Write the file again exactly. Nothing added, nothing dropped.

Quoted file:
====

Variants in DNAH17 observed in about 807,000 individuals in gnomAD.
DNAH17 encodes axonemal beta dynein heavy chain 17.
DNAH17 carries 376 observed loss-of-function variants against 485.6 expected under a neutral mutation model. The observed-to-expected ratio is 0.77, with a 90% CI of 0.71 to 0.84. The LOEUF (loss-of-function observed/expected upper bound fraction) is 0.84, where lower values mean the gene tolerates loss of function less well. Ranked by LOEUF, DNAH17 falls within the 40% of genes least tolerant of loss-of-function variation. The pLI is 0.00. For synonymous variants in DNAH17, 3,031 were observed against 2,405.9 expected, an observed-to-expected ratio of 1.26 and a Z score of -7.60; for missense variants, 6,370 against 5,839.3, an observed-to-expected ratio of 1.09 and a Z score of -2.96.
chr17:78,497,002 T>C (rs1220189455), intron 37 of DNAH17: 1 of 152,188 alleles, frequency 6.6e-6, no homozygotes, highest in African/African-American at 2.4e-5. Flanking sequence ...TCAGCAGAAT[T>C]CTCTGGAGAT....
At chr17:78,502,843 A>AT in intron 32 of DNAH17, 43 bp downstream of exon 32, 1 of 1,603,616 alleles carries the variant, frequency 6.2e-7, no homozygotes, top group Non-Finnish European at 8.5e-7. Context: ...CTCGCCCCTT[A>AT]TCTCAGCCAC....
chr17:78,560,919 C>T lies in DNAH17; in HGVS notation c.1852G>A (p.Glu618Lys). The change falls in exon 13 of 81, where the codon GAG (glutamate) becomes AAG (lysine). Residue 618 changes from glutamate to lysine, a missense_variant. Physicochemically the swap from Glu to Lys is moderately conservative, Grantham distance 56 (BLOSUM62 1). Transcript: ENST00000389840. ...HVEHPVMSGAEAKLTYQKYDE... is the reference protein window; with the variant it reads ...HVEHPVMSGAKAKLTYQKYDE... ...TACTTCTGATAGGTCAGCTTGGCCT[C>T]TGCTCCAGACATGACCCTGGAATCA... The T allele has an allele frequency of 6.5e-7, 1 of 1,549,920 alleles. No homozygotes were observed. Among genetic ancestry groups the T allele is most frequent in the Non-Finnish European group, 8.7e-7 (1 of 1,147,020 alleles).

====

Variants in DNAH17 observed in about 807,000 individuals in gnomAD.
DNAH17 encodes axonemal beta dynein heavy chain 17.
DNAH17 carries 376 observed loss-of-function variants against 485.6 expected under a neutral mutation model. The observed-to-expected ratio is 0.77, with a 90% CI of 0.71 to 0.84. The LOEUF (loss-of-function observed/expected upper bound fraction) is 0.84, where lower values mean the gene tolerates loss of function less well. Ranked by LOEUF, DNAH17 falls within the 40% of genes least tolerant of loss-of-function variation. The pLI is 0.00. For synonymous variants in DNAH17, 3,031 were observed against 2,405.9 expected, an observed-to-expected ratio of 1.26 and a Z score of -7.60; for missense variants, 6,370 against 5,839.3, an observed-to-expected ratio of 1.09 and a Z score of -2.96.
chr17:78,497,002 T>C (rs1220189455), intron 37 of DNAH17: 1 of 152,188 alleles, frequency 6.6e-6, no homozygotes, highest in African/African-American at 2.4e-5. Flanking sequence ...TCAGCAGAAT[T>C]CTCTGGAGAT....
At chr17:78,502,843 A>AT in intron 32 of DNAH17, 43 bp downstream of exon 32, 1 of 1,603,616 alleles carries the variant, frequency 6.2e-7, no homozygotes, top group Non-Finnish European at 8.5e-7. Context: ...CTCGCCCCTT[A>AT]TCTCAGCCAC....
chr17:78,560,919 C>T lies in DNAH17; in HGVS notation c.1852G>A (p.Glu618Lys). The change falls in exon 13 of 81, where the codon GAG (glutamate) becomes AAG (lysine). Residue 618 changes from glutamate to lysine, a missense_variant. Physicochemically the swap from Glu to Lys is moderately conservative, Grantham distance 56 (BLOSUM62 1). Transcript: ENST00000389840. ...HVEHPVMSGAEAKLTYQKYDE... is the reference protein window; with the variant it reads ...HVEHPVMSGAKAKLTYQKYDE... ...TACTTCTGATAGGTCAGCTTGGCCT[C>T]TGCTCCAGACATGACCCTGGAATCA... The T allele has an allele frequency of 6.5e-7, 1 of 1,549,920 alleles. No homozygotes were observed. Among genetic ancestry groups the T allele is most frequent in the Non-Finnish European group, 8.7e-7 (1 of 1,147,020 alleles).